JESUS: Do not suppose that I have come to bring peace to the earth. I did not come to bring peace, but a sword.

    JESUS: Do you think I came to bring peace on earth? No, I tell you, but division.

    JESUS: I have come to set the world on fire, and I wish it were already burning!

    JESUS: If anyone comes to me and does not hate father and mother, wife and children, brothers and sisters–yes, even their own life–such a person cannot be my disciple.

    JESUS: anyone who hates their life in this world will keep it for eternal life

    JESUS: Rather fear him who can destroy both soul and body in hell.

    JESUS: But I will show you whom you should fear: Fear him who, after your body has been killed, has authority to throw you into hell. Yes, I tell you, fear him.

    Bad Jesus!

    * Avolos, H. (2015) The Bad Jesus: The Ethics of New Testament Ethics. Sheffield Phoenix Press Ltd.

    • Father Thyme

      And the Progressive Christians? While one may greatly appreciate their attempts to whitewash the Bad Jesus, their efforts haven’t been all that effective, which is why Hector Avalos, professor of Religious Studies at Iowa State University, “criticizes his colleagues for applying a variety of flawed and specious techniques aimed at maintaining the illusion that the Bible is still relevant in today’s world” and for “being more concerned about its self-preservation than about giving an honest account,” in his text The End of Bible Studies.

  • OZ_in_TX

    Evangelical: I choose to believe in an interpretation of the Sodom and Gomorrah story that says that God obliterated an entire region because of people like you (while ignoring scriptures that contradict that view), but gosh, can’t we just agree to disagree?

    Me: No.

    Evangelical: I choose to believe that anyone – even government employees – can and should say to your face ‘we don’t serve your kind here’ (but will scream to anyone who will listen about ‘Christian persecution’), but gosh, can’t we just agree to disagree?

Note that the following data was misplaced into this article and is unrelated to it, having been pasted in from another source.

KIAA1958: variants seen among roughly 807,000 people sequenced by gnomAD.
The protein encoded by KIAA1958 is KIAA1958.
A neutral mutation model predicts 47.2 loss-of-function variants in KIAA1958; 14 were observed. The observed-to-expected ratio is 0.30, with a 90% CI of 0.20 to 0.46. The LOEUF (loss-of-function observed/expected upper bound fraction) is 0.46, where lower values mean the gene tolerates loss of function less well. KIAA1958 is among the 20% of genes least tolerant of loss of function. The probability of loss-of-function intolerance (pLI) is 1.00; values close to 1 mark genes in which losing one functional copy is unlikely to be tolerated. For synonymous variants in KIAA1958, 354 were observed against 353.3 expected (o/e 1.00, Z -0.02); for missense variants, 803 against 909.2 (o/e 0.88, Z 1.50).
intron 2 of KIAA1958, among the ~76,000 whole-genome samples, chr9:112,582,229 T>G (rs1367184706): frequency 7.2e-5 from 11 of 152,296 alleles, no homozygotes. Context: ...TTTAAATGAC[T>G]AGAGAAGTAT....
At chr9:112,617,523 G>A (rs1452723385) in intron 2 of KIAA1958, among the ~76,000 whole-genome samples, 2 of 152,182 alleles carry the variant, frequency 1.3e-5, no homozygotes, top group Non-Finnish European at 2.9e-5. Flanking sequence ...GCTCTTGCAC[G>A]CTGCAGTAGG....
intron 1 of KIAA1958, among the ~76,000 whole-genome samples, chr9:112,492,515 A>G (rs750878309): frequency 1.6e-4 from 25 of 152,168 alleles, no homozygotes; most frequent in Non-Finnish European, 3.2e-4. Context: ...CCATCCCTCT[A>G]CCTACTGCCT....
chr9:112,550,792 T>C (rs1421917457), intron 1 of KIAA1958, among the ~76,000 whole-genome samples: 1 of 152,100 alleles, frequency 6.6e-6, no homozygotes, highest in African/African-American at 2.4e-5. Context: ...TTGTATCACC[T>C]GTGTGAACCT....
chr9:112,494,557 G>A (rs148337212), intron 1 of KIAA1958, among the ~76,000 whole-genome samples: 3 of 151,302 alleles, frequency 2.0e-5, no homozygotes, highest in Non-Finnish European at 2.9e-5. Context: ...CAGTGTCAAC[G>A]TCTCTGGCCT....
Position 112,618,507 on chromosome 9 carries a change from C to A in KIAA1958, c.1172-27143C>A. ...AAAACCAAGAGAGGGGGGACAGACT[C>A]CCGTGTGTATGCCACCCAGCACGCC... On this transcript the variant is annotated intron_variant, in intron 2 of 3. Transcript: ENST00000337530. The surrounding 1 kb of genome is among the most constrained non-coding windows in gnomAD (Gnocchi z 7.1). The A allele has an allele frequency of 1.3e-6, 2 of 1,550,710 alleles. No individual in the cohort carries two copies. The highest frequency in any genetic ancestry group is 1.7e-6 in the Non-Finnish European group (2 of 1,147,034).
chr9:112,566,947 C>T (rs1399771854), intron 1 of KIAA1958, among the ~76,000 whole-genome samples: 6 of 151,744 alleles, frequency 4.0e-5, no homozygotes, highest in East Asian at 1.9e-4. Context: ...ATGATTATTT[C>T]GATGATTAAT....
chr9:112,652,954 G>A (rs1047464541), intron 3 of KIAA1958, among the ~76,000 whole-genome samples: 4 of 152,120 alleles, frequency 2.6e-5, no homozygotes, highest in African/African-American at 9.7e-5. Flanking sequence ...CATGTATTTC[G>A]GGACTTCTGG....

Me: No.

    Evangelical: I choose to believe that you exercising your right to marry will bring the wrath of God on our country, and that you are working to destroy the institution of marriage (while ignoring the divorce rate among heterosexuals like myself), but gosh, can’t we just agree to disagree?

    Me: No.

    Evangelical: I choose to believe that verses in Leviticus that both condemn you as an ‘abomination’ and demand that you be rounded up and slaughtered like cattle are ‘scriptural truth’ while ignoring the numerous *other* verses in Leviticus, but gosh, can’t we just agree to disagree?

    Me: No.

    Evangelical: I choose to believe an interpretation of Paul’s writings that automatically condemn you to Hell unless you ‘change’ your sexual orientation – just don’t ask *me* to make that same choice because it’s impossible to change sexual orientation… for *me*… but gosh, can’t we just agree to disagree?

    Me: No.

    Evangelical: I choose to believe in the ‘literal truth’ of scripture that denies you, denigrates you, demands you must be slaughtered like cattle, and will automatically condemn you to Hell, while sputtering ‘context’ about any scripture that affects *me* and *my* rights in 21st-Century America, even if those rights completely counter scripture, but gosh, can’t we just agree to disagree?

    Me: No.

    Evangelical: If you don’t tolerate my intolerance, then you’re just an intolerant bigot! Now I’m demanding that you agree with me!

    Me: No.

    As long as Evangelicals hold to a view that would be considered horrible, discriminatory and un-Christian when applied to any other group, then yes, there *will* be ‘personal relationships’ that will be broken by Marriage Equality and non-discrimination. And that’s the way it *should* be.

    • Warren

      Anti-LGBTQ discrimination has caused immeasurable pain and countless broken relationships. Gay children have died because of it. If you see this as some low-stakes game where “agree to disagree” is an acceptable compromise, then you need to step aside and let the people who are actually affected take over.

  • lady_black

    Churches can choose to embrace same sex marriage or not. Governments won’t have that choice, nor should they.